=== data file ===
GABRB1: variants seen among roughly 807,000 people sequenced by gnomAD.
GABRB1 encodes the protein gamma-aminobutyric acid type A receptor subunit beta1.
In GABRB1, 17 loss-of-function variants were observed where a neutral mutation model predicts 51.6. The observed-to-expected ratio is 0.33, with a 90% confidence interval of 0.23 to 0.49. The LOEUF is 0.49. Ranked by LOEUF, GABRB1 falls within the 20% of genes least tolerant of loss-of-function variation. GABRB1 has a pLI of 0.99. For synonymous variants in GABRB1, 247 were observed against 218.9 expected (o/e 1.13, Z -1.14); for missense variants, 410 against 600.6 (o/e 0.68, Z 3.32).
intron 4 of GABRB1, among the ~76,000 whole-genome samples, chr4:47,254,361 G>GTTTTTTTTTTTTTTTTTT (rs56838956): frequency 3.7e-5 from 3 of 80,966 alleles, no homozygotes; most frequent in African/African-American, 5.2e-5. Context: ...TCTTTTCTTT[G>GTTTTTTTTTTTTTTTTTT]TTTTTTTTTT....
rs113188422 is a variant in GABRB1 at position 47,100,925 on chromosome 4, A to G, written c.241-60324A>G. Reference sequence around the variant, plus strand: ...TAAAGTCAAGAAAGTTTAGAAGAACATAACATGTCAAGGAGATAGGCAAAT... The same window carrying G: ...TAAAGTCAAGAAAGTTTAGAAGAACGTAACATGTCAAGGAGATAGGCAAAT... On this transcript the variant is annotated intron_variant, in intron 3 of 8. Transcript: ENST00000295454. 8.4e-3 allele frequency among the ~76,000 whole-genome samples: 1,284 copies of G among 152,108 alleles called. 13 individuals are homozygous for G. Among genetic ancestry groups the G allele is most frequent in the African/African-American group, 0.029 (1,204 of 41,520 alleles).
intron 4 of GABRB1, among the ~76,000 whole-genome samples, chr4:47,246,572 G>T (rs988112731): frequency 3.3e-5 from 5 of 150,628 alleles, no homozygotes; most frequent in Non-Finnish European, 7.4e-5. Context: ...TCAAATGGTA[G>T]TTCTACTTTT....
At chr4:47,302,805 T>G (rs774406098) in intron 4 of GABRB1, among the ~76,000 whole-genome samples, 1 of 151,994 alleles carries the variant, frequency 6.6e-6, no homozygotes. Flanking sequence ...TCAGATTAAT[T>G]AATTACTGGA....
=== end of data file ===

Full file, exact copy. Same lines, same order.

GABRB1: variants seen among roughly 807,000 people sequenced by gnomAD.
GABRB1 encodes the protein gamma-aminobutyric acid type A receptor subunit beta1.
In GABRB1, 17 loss-of-function variants were observed where a neutral mutation model predicts 51.6. The observed-to-expected ratio is 0.33, with a 90% confidence interval of 0.23 to 0.49. The LOEUF is 0.49. Ranked by LOEUF, GABRB1 falls within the 20% of genes least tolerant of loss-of-function variation. GABRB1 has a pLI of 0.99. For synonymous variants in GABRB1, 247 were observed against 218.9 expected (o/e 1.13, Z -1.14); for missense variants, 410 against 600.6 (o/e 0.68, Z 3.32).
intron 4 of GABRB1, among the ~76,000 whole-genome samples, chr4:47,254,361 G>GTTTTTTTTTTTTTTTTTT (rs56838956): frequency 3.7e-5 from 3 of 80,966 alleles, no homozygotes; most frequent in African/African-American, 5.2e-5. Context: ...TCTTTTCTTT[G>GTTTTTTTTTTTTTTTTTT]TTTTTTTTTT....
rs113188422 is a variant in GABRB1 at position 47,100,925 on chromosome 4, A to G, written c.241-60324A>G. Reference sequence around the variant, plus strand: ...TAAAGTCAAGAAAGTTTAGAAGAACATAACATGTCAAGGAGATAGGCAAAT... The same window carrying G: ...TAAAGTCAAGAAAGTTTAGAAGAACGTAACATGTCAAGGAGATAGGCAAAT... On this transcript the variant is annotated intron_variant, in intron 3 of 8. Transcript: ENST00000295454. 8.4e-3 allele frequency among the ~76,000 whole-genome samples: 1,284 copies of G among 152,108 alleles called. 13 individuals are homozygous for G. Among genetic ancestry groups the G allele is most frequent in the African/African-American group, 0.029 (1,204 of 41,520 alleles).
intron 4 of GABRB1, among the ~76,000 whole-genome samples, chr4:47,246,572 G>T (rs988112731): frequency 3.3e-5 from 5 of 150,628 alleles, no homozygotes; most frequent in Non-Finnish European, 7.4e-5. Context: ...TCAAATGGTA[G>T]TTCTACTTTT....
At chr4:47,302,805 T>G (rs774406098) in intron 4 of GABRB1, among the ~76,000 whole-genome samples, 1 of 151,994 alleles carries the variant, frequency 6.6e-6, no homozygotes. Flanking sequence ...TCAGATTAAT[T>G]AATTACTGGA....